Another report ignores the citizens dividend

marginal rate chart

From C. Eugene Steuerle’s June 27, 2012 statement at

I’ve written before about the wild effects of graduated taxes and means-tested benefits which can dump low-income workers into effective tax brackets in excess of 100%.  That is, once the effects on eligibility for earned income tax credit, child tax credit, medicaid, SNAP (food stamps), subsidized housing, and so forth are taken into account, an extra $1000 of income can easily cost more than that amount in increased taxes plus reduced benefits.  (Worse, most low-income people don’t have professional accountants who keep track of this, and so they don’t know in advance what the effects of getting a raise, or taking some overtime, might be.)

This is hardly original with me, and most recently the Congressional Budget Office has issued a report on the subject, summarized here by Evan Soltas of  Bloomberg. What can be done to fix this?  Not much, conclude most writers including Soltas.  We need tax revenue, we need to target aid to those with the greatest need, we can’t expect the rich to pay everything (since they have the lobbyists, lawyers and accountants to limit the taxes they pay.)

None of the writers who get attention seem to consider the citizens dividend. The basic idea is that government collects all the land rent — that is, the effective rental value of private control of natural resources — and share it with all citizens, everyone getting an equal share. It’s done on a small scale in several jurisdictions, including Alaska where each state resident gets a thousand dollars or so, each year, as a share of investments funded by mineral resources.  Of course, natural resources include not only oil, gas, and ore, but also the electromagnetic spectrum, agricultural land, forests, and much of the value of land sites (except of course those which have no market value.)  Suppose this rental value, or just a substantial part of it, were collected by the federal government and distributed, equally, to every U S citizen (maybe legal permanent residents should get a share also). How much would that be?  Would it be enough to pretty much replace most means-tested programs?  Wouldn’t that solve our problem?

Of course, arguments for collecting economic rent go far beyond fixing the screwed-up incentives of means-tested programs and graduated income taxes,  (visit a Henry George School or the Henry George Institute to learn more), but let’s not forget this benefit.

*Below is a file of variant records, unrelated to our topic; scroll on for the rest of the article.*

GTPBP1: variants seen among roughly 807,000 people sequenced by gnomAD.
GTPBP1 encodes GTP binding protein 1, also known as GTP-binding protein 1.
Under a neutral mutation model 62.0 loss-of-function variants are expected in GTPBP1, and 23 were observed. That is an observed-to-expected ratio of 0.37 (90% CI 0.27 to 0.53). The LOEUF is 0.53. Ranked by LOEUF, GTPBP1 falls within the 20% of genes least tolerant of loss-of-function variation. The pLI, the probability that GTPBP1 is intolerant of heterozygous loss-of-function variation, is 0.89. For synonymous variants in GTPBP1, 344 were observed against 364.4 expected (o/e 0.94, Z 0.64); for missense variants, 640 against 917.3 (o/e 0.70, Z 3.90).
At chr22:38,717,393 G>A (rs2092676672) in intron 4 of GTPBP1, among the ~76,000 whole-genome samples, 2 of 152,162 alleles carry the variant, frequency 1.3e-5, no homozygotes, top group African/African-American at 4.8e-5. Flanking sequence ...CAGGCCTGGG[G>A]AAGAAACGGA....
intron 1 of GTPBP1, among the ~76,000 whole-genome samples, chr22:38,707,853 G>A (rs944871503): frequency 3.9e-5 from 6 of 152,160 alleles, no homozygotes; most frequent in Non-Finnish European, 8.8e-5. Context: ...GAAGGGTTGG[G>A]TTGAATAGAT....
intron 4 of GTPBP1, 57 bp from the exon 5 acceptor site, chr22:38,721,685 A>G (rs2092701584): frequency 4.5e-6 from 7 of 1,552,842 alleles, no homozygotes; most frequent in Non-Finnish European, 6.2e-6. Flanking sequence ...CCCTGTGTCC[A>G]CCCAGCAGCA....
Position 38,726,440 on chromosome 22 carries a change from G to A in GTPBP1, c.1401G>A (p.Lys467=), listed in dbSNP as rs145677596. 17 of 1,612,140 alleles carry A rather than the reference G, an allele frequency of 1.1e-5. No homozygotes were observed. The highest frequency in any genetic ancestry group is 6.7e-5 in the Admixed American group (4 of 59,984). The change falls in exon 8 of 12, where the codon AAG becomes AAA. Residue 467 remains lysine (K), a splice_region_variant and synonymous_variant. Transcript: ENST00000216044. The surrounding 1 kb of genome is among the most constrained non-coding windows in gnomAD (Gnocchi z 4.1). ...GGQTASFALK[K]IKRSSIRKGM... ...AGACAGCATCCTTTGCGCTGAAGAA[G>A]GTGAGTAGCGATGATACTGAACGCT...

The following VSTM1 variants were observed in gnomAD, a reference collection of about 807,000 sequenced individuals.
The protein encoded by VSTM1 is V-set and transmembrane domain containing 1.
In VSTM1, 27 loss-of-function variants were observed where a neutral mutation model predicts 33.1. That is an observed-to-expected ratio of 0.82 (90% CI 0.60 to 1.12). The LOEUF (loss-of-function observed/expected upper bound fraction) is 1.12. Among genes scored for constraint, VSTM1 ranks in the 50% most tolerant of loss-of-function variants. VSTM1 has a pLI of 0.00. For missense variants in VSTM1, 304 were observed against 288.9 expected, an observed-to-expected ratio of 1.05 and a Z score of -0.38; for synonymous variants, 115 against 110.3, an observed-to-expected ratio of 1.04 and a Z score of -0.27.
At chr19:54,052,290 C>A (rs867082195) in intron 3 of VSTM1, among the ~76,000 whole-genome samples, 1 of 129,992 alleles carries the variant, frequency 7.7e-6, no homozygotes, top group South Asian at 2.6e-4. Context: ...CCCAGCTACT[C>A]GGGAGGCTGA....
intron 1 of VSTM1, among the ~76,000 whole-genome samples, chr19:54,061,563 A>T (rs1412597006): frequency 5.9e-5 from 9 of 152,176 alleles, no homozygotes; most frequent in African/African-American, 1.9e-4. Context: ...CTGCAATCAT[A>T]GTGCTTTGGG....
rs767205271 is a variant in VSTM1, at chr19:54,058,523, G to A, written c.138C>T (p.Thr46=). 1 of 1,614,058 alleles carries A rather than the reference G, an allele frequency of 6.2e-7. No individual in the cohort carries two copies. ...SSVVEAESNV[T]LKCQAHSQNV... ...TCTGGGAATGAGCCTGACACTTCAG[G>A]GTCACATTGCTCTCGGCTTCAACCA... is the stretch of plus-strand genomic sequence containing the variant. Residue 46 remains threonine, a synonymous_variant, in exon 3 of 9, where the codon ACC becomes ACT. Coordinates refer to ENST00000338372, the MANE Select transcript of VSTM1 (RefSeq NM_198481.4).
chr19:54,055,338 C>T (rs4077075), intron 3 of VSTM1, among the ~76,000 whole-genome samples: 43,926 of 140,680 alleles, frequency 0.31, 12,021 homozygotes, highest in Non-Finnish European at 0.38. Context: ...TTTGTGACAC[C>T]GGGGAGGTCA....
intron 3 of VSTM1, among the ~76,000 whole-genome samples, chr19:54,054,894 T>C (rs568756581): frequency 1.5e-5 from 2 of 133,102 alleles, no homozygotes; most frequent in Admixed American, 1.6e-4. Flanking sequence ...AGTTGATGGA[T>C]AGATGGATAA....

And by the way, it isn’t only the poor who can face these >100% marginal rates.  I wrote before about how certain Cook County homeowners with incomes in the $75,000 – $100,000 could face such rates; I don’t know whether these limits remain in effect. More broadly, it seems that affluent Americans subject to Medicare face a similar situation: As explained here, should your “modified adjusted gross income” amount to $107,001, then your Medicare cost will be $754.80 more than if your income had been only $107,000.  The effective tax rate on that particular dollar is 75,480%.  (Of course if you have a really alert accountant keeping track of all your financial affairs, she will alert you and find a way to avoid that extra dollar. And that accountant knows that the rates quoted above are for 2011 income, at least I think they are, and different limits will be in effect for the current year.)


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One Response to “Another report ignores the citizens dividend”

  1. Will R. says:

    Two things that I think make this problematic:

    As you say, poorer people don’t have accountants, and often don’t understand the tax code, or necessarily have the mathematical aptitude to calculate the income implications of decisions. But the only practical reason — as opposed to ethical — to oppose a 100%+ tax bracket is that it will be a disincentive to the earning of an additional dollar, and thus discourage labor. Given that they aren’t thinking about taxes or math, it’s likely that these people’s choices will be governed by other factors, and the social esteem of having a better job, or the money illusion effect of a higher salary than when last on the job market, will be what motivates these people to increase their income level.

    Many poor people also don’t know about these means-tested programs, or only know about some of them, or refuse out of pride to enroll. This means that the possibility of a 100%+ tax bracket is likely to remain mostly that, a possibility.

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